In a quest to fortify its bullpen, the Dodgers have expressed interest in Royals closer Wade Davis, according to people familiar with the situation, though it is unclear if Kansas City is willing to part with him.
The Dodgers attempted to pair Aroldis Chapman with their own closer, All-Star Kenley Jansen, over the winter. The gambit ended when the team backed away after learning about a domestic violence incident involving Chapman. But the team still seeks another elite reliever.
As the Monday deadline approaches, the Dodgers have explored almost every avenue of the market, looking for upgrades to their outfield, starting rotation and bullpen. Taxed by the team’s under-performing starting rotation, the team’s relief corps has shown signs of fatigue in the past two weeks.
Jansen blew two saves on the team’s last road trip. Joe Blanton got roughed up in his last two outings. Adam Liberatore has injured his knee. And those are the three most reliable arms in the group.
Davis, 30, has become one of the most dominant relievers in baseball these past two seasons, a pitcher in the same class as Chapman, Jansen and Yankees left-hander Andrew Miller. The Royals hold a $10 million option on Davis for 2017, which would add to his appeal for the Dodgers as Jansen enters free agency this winter.
It also adds to Davis’ value. After winning the World Series last fall, the Royals have posted a losing record thus far this season. The club still has control of its core players – first baseman Eric Hosmer, third baseman Mike Moustakas, outfielder Lorenzo Cain and, yes, Davis – through next season. The team still views contention as possible in 2017.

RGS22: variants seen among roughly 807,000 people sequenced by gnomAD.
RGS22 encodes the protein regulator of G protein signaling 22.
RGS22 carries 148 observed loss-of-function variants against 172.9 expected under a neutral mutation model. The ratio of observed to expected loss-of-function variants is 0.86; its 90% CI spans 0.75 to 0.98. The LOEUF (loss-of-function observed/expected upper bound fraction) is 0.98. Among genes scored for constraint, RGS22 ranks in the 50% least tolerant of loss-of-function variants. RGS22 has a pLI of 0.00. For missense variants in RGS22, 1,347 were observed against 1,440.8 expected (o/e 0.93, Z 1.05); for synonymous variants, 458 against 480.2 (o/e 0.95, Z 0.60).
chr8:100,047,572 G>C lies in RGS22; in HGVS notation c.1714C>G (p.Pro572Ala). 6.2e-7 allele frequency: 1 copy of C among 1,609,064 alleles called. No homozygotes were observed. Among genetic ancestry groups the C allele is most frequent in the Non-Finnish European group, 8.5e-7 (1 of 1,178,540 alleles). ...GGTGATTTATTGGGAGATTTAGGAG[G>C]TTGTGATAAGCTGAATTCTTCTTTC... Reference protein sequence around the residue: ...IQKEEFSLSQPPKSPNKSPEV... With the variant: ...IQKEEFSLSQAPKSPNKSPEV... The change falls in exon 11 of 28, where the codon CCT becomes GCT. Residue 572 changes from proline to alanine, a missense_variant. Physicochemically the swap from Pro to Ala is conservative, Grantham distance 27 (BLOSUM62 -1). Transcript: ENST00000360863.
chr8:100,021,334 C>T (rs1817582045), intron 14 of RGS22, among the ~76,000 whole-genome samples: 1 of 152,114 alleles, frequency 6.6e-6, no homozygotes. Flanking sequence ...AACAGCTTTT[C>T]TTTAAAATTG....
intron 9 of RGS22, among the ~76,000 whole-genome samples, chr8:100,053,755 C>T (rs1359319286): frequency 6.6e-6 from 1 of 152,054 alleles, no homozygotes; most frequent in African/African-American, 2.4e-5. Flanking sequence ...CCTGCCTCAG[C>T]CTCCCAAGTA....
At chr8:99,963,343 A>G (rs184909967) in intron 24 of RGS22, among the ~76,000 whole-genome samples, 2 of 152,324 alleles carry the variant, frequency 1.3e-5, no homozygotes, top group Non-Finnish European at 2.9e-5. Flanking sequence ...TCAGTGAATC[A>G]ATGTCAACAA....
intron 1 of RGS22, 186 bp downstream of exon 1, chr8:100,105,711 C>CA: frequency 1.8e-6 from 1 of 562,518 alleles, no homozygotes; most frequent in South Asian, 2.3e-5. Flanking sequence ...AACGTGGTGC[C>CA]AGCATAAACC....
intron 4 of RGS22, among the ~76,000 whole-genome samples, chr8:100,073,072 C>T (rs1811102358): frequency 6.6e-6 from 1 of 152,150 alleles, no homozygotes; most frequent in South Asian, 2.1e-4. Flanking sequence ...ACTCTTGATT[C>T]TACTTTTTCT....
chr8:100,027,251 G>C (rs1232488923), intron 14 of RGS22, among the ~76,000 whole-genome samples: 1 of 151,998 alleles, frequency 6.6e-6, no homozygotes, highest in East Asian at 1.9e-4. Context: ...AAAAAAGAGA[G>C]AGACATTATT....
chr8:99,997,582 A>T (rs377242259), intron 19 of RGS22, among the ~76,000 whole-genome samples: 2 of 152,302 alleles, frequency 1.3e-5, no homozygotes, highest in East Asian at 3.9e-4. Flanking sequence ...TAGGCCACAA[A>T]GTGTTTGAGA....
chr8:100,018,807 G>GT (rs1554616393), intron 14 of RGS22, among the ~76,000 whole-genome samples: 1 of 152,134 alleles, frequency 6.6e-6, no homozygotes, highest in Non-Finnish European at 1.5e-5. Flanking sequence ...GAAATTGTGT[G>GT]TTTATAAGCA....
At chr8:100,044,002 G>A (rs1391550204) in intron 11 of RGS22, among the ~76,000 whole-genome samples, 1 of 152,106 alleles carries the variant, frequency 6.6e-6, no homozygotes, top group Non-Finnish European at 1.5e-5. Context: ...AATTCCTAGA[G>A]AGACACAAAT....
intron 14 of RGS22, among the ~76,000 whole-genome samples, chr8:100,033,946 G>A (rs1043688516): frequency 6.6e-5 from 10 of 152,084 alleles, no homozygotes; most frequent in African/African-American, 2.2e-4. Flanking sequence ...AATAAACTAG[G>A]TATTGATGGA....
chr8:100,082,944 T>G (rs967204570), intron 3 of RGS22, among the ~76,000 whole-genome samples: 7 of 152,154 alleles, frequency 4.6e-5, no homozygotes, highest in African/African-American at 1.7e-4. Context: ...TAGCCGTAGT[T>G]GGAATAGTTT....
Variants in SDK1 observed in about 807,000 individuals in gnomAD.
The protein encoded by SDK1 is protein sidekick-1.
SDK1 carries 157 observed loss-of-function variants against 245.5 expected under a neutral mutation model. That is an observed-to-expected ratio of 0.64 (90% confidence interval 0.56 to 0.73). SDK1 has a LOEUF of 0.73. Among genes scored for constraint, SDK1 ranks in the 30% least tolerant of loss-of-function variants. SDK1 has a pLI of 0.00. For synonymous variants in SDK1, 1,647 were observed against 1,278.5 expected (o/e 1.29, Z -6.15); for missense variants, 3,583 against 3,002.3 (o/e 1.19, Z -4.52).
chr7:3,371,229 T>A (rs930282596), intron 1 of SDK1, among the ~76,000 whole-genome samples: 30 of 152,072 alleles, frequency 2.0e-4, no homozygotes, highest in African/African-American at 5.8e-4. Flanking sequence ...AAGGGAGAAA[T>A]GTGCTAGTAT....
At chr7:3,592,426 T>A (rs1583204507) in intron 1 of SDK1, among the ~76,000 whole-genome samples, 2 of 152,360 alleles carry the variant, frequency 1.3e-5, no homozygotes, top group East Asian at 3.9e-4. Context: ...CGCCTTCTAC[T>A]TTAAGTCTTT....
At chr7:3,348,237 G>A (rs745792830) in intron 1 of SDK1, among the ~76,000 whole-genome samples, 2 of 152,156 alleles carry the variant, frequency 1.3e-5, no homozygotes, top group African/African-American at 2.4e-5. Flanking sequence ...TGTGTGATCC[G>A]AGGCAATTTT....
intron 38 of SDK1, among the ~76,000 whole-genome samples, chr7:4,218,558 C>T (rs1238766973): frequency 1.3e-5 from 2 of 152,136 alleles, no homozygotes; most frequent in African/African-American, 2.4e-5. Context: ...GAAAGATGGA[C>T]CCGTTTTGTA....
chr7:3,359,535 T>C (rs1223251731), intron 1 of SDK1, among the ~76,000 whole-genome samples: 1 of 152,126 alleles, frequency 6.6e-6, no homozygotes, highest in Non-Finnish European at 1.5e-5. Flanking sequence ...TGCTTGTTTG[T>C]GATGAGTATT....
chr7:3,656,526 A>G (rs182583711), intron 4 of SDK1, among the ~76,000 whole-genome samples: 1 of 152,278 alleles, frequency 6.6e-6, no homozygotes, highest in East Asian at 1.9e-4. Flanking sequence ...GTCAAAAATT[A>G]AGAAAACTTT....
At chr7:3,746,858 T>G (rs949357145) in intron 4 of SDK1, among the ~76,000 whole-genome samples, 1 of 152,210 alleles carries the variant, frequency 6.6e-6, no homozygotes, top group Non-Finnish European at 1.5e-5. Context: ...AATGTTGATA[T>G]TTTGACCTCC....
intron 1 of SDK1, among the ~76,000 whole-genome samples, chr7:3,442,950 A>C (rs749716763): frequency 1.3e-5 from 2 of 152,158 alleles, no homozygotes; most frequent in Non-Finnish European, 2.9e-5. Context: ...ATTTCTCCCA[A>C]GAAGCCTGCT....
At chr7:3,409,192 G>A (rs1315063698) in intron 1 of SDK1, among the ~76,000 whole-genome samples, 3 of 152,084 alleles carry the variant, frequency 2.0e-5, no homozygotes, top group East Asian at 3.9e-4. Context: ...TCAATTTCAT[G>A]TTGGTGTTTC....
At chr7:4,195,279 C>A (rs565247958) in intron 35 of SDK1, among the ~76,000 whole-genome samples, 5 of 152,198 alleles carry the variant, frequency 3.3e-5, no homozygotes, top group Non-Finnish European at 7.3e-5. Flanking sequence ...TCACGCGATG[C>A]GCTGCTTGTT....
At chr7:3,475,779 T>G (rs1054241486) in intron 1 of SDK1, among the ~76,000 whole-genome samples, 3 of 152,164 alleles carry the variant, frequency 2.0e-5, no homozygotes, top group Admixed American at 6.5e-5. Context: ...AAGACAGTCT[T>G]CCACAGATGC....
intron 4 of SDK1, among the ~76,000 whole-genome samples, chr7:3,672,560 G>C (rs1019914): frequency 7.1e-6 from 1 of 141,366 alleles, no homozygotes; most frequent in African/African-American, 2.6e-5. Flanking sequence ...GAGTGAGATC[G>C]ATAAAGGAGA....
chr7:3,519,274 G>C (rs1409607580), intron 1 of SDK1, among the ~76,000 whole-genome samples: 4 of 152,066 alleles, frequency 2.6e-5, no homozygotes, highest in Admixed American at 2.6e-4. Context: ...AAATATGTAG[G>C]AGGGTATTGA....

Yet in a shallow pitching market, Davis could fetch a sizable return. The Cubs surrendered a pair of talented prospects, shortstop Gleyber Torres and outfielder Billy McKinney, plus big-league swingman Adam Warren and another minor-leaguer, for two months of Chapman. Given the extra year of control, Davis should require more than that.
After two stellar seasons, Davis has been less impressive in 2016, with his strikeout rate declining and his walk rate rising, while still maintaining his effectiveness in terms of run prevention. Davis has a 1.60 earned-run average. He did spend two weeks on the disabled list with a forearm strain, and some scouts expressed concern about his long-term viability.
It would be stunning to see the Dodgers part with 19-year-old pitcher Julio Urias in any trade that doesn’t involve White Sox ace Chris Sale. But behind Urias, the Dodgers possess a wealth of minor-league talent: Jose De Leon, Cody Bellinger, Alex Verdugo , Grant Holmes, Willie Calhoun and plenty of others. The Dodgers have been reluctant to part with their upper-tier prospects under Andrew Friedman.
In the past, the Dodgers have absorbed bad contracts from their trade partners to complete deals. Yahoo Sports reported the Royals are trying to package Davis with starting pitcher Ian Kennedy, who Kansas City signed to a five-year, $70 million contract last winter.
The Royals owe Kennedy $62.5 million after 2016, a year in which Kennedy has posted a 4.41 ERA and given up the most home runs in baseball. Even with Clayton Kershaw’s return uncertain, it is unclear if the Dodgers would take on that much money. Kennedy can opt out after 2017, but to do so he would leave nearly $50 million on the table.